Our sedentary lifestyles are a global health hazard but social discomfort is preventing us standing up and fixing the problem, new research says.

There’s more than one way to die of embarrassment.

The “sedentary lifestyle”, typical for office workers, has been described as an epidemic and linked to increased risk of everything from diabetes and cardiovascular disease to anxiety and depression. In fact, a recent study by VicHealth and the National Health and Medical Research council found that providing standing desks to a fifth of office workers would save $84 million in healthcare costs and 7,492 health-adusted life years.

But one reason we haven’t tackled a problem this potentially fatal is the sheer awkwardness of it all, says a new report.

Published in PLOS ONE, the research followed participants who attempted to stand, where appropriate, during several office meetings (a local initiative called Standup Australia looked at meetings as possible events to reduce total sitting time). The researchers then conducted interviews about their experiences. These ran the gamut but largely showed that the psychological effect of standing is more powerful than you might think.

The researchers outlined four themes of awkwardness experienced by their subjects, with direct quotes to support their framing.

1. Physically awkward

It turns out standing hurts after a while for many people. Also, when a room is designed for sitting, standing tends to get logistically weird.

  • “I was thinking ‘oh my back is killing me!’ There’s the realisation that, oh I can’t stand for very long!”
  • “Bending down and trying to take notes, it didn’t feel natural.”

2. Socially awkward

We all get this one. You’re the one person in the room that’s different, and you sense it in your bones: “Everyone is looking at me”. Clowns feel this way when they take the bus.

  • “Someone else looked at me and they were gesturing that they’d saved me a seat! I felt super awkward and sat down.”
  • “I lied and told them I had a health reason for needing to stand.”

3. Awkward power dynamics

Remember how your primary school teacher would stand at the front of the classroom? That wasn’t because they were reading cutting edge research on sedentary lifestyles. From prisons and clothing factories to the animal kingdom, we assume the only mammal standing is the one in charge.

So standing works both ways. For people running a meeting, it actually helps their confidence levels. But for everyone else it feels weird.

  • “I probably addressed everyone and raised my voice a little, projected it a bit more than I might do if I was seated. Standing is a much more confidence-boosting posture.”
  • “As a junior member I wouldn’t really be willing to stand up and say, ‘well I’m standing up because I want to stand up’.”

4. The implications of awkwardness

This is perhaps the most crucial consideration for HR when it comes to setting policy. Standing can impact engagement in a meeting. People in the study reported that standing put them in the mood to make everything more direct.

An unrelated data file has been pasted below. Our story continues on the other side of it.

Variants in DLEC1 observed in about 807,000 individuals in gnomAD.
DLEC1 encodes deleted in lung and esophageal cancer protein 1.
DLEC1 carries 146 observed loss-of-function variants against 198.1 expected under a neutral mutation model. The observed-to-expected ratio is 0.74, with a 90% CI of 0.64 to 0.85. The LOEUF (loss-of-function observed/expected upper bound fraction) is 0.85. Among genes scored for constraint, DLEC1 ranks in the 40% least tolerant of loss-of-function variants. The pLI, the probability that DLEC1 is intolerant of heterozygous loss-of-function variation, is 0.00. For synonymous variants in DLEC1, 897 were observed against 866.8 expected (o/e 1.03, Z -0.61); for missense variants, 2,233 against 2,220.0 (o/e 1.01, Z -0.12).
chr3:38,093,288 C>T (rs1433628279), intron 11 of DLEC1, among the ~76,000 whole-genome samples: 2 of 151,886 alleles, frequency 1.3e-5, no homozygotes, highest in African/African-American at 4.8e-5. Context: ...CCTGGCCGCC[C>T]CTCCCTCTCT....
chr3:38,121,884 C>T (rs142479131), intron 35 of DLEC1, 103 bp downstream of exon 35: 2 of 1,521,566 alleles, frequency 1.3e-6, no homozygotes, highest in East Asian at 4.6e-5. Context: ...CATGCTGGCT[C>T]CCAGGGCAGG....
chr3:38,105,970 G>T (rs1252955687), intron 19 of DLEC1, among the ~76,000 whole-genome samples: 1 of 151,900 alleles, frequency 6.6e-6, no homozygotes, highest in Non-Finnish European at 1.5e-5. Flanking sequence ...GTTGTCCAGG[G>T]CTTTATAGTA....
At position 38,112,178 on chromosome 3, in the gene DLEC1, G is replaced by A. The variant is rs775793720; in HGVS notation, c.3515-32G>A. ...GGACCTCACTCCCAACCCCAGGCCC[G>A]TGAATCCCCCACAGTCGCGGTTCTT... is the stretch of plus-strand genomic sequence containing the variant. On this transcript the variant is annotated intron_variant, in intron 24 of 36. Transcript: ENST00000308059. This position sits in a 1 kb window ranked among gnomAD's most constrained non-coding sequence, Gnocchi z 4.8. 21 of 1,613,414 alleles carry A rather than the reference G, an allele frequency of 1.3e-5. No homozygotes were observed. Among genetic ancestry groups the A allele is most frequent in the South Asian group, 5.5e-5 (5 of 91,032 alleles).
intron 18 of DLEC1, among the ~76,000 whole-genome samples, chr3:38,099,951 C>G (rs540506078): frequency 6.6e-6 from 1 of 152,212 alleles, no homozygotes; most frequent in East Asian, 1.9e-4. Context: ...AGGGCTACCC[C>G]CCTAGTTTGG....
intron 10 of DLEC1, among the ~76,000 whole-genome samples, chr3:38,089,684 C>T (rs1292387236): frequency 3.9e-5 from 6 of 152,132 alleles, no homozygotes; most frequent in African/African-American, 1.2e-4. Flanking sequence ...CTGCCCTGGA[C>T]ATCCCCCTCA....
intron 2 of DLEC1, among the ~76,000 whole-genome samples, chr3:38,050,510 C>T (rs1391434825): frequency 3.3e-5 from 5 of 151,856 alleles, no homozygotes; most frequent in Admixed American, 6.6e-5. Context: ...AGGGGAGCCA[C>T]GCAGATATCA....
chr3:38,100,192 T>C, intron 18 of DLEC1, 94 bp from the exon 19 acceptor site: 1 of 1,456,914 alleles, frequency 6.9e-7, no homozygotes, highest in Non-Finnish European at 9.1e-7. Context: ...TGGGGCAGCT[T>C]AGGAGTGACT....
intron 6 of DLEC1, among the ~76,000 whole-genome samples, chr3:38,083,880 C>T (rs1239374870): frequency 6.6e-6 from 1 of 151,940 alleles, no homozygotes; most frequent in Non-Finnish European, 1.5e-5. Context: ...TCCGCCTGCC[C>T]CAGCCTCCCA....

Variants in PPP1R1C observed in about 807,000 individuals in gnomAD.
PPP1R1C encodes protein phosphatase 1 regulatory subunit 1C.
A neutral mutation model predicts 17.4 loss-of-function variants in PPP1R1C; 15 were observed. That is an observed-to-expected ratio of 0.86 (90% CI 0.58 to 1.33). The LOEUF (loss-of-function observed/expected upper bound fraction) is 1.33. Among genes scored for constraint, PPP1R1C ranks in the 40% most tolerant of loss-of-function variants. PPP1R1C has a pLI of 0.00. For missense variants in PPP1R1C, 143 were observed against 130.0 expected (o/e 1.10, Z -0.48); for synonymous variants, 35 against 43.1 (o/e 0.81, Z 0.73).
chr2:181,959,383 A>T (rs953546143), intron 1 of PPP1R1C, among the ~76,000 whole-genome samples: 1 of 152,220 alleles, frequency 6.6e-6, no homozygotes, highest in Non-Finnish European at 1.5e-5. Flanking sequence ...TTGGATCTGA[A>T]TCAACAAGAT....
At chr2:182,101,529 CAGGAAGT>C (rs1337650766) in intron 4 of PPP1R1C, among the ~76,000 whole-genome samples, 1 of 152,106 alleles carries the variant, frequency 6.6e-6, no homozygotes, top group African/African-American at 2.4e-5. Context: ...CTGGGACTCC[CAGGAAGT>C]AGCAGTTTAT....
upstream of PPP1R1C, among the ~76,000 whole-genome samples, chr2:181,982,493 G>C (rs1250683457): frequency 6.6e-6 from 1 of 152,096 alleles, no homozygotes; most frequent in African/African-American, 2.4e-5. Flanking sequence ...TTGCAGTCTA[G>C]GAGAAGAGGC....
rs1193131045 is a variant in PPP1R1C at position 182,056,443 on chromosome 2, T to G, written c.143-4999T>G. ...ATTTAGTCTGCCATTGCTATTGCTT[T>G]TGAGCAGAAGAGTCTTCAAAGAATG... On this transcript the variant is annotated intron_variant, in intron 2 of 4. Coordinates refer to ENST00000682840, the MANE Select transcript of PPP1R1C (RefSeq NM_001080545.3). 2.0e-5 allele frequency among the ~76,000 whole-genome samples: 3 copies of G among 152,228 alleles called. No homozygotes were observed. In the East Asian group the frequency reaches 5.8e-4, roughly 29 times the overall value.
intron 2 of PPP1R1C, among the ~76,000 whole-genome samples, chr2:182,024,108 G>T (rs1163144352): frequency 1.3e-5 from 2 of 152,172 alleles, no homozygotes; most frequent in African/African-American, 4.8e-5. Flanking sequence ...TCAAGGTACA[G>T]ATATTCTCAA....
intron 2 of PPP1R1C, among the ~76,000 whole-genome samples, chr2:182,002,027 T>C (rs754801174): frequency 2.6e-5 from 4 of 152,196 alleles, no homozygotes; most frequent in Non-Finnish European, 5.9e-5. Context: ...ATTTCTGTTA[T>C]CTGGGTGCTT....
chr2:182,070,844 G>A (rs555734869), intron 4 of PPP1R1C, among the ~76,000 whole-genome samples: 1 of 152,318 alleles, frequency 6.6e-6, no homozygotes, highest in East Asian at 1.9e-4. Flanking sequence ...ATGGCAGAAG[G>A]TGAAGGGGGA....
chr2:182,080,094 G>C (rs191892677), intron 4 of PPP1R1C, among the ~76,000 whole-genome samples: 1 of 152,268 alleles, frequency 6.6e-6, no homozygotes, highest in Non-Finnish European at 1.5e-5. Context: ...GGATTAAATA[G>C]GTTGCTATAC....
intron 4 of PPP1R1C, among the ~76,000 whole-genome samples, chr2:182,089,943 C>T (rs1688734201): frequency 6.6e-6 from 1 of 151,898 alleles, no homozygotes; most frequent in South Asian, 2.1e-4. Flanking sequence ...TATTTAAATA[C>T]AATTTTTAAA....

• “Because I was standing … [I was] kind of more ‘let’s get on with it, let’s get to the point’. Because it’s not so relaxed as being sat back in a chair.”

Switching between standing and sitting also seemed to help retain high energy levels. This came both from the natural boost of the physical activity, as well as the fact that once you’re standing you become more conscious that people are paying attention to whether you’re focused.

  • “Because I was both at the front of the room and standing, I felt much more like I had to, even if I wasn’t engaged, look like I was more engaged, which then made me more engaged!”

But what’s good for the goose isn’t necessarily as nice for the gander. Some people reported that standing was taking up too much emotional energy.

  • “When I did sit down, I was like (sighs). More relaxed. I could just focus on the meeting, not focus on my standing.”
  • “Standing up made me feel like I wasn’t part of the group. [Once I sat down] I felt like I was then part of the meeting. And it felt more like we were a team group coming to some decisions and stuff, because we were all on the same eye level.”

What should you do?

The study essentially boils down to a fairly obvious conclusion. If you want a workplace that doesn’t contribute to unhealthy sedentary lifestyles, it isn’t enough to mention that standing is now an option. You have to think of it as a cultural issue, get leadership buy-in, and even consider how office design can be changed to make standing a more attractive option.

Do you have an awkward story about the politics of standing? We’d love to read them in the comments.

 


Keep up to date with the latest workplace health and safety requirements with AHRI’s elearning modules on WH&S topics including ergonomics and work-life balance.

Leave a reply

Be the First to Comment!

avatar
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Notify me of
More on HRM